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Clearwater leaders vote today on expanding single-stream recycling

Some Clearwater residents sort their recyclables in separate bins. Those in a pilot program use a wheeled cart that doesn’t require sorting.

LARA CERRI | Times (2010)

Some Clearwater residents sort their recyclables in separate bins. Those in a pilot program use a wheeled cart that doesn’t require sorting.

CLEARWATER — When the city rolled out bigger, more ergonomic recycling bins last year, they were available in just five neighborhoods.

Since February 2012, the 64-gallon wheeled carts have been part of a single-stream recycling pilot program in Grovewood, Island Estates, Navajo Park, Plaza Park and Tropic Hills.

Today, the City Council will decide whether to spend $1.5 million to introduce 26,000 of the carts citywide.

The blue, wheeled carts are three times larger than the small yellow bins used elsewhere in the city. Unlike the bins, they're closed on top. And they're outfitted with computer chips that could help the city collect data about their use.

In addition, residents with the new bins would be able to recycle cardboard and all types of paper and plastic without having to sort.

"The reaction so far has been overwhelmingly positive" in the pilot neighborhoods, said Earl Gloster, Clearwater's director of solid waste and general services.

Frank Dame, 66, of Island Estates, has noticed widespread support for the new carts.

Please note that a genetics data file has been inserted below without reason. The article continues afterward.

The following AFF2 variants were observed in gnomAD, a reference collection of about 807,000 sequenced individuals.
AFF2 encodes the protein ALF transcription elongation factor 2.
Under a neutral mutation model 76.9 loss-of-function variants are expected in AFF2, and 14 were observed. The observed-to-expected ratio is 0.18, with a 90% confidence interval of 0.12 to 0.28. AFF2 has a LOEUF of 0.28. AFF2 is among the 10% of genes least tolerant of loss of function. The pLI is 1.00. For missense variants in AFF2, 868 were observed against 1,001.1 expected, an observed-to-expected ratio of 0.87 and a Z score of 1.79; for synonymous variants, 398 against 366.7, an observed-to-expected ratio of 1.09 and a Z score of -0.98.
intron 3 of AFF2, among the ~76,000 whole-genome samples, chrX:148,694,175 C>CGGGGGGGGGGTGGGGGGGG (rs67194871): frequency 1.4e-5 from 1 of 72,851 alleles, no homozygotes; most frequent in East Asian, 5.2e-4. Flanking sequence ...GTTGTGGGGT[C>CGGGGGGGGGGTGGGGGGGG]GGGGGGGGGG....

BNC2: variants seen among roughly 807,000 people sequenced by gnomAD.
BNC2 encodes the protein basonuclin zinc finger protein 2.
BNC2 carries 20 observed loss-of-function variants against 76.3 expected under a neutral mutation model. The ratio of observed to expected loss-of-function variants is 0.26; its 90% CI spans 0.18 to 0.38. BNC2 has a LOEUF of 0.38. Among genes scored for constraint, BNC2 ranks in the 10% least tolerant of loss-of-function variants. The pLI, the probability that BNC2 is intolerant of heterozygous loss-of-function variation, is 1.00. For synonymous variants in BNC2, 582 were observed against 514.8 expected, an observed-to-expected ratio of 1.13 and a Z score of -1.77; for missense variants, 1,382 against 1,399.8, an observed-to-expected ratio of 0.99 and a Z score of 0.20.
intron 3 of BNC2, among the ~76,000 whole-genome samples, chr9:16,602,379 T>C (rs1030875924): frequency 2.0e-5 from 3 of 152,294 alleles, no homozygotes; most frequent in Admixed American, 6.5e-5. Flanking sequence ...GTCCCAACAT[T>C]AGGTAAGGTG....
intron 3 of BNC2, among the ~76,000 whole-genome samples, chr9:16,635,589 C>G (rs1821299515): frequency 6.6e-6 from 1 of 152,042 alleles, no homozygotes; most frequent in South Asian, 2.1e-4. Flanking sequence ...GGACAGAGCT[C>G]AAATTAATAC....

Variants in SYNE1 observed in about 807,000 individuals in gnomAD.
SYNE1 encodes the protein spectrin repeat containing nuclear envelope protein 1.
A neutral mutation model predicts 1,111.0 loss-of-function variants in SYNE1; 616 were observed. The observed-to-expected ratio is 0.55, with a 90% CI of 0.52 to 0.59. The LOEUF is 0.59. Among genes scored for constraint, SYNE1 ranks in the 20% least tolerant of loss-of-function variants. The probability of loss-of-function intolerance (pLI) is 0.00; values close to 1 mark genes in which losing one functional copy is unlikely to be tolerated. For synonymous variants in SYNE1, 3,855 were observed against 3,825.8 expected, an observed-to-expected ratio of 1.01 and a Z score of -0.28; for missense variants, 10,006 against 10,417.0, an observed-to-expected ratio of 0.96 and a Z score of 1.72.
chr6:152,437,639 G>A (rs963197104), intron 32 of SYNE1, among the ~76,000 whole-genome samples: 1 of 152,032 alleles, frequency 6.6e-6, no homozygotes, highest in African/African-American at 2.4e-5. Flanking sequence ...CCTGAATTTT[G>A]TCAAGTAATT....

"I'm seeing it as I walk my dog. A lot of my neighbors are using the new bins versus the old ones," he said. "I think it's great."

The city saw 50 percent recycling participation in the targeted neighborhoods, which yielded a 50 percent increase in recyclables collected.

And that meant increased revenue.

Clearwater earned $600,000 last year selling recycled goods. In comparison, the city must spend $37.50 a ton to haul trash to the Pinellas County waste-to-energy facility.

"We're hopeful to eventually get over that $1 million mark," Gloster said, recalling 2007, when the city earned an all-time high selling recyclables.

City households currently pay $2.35 a year for recycling services, but only about half use the service.

To increase participation, Gloster plans to expand community outreach to schools and neighborhood organizations.

"We need to tell people what we're doing, why we're doing it and how it's going to benefit the city," he said.

"We really want to make a splash."

Matt McKinney can be reached at or (727) 445-4156. To write a letter to the editor, go to

Clearwater leaders vote today on expanding single-stream recycling 06/18/13 [Last modified: Tuesday, June 18, 2013 4:30pm]
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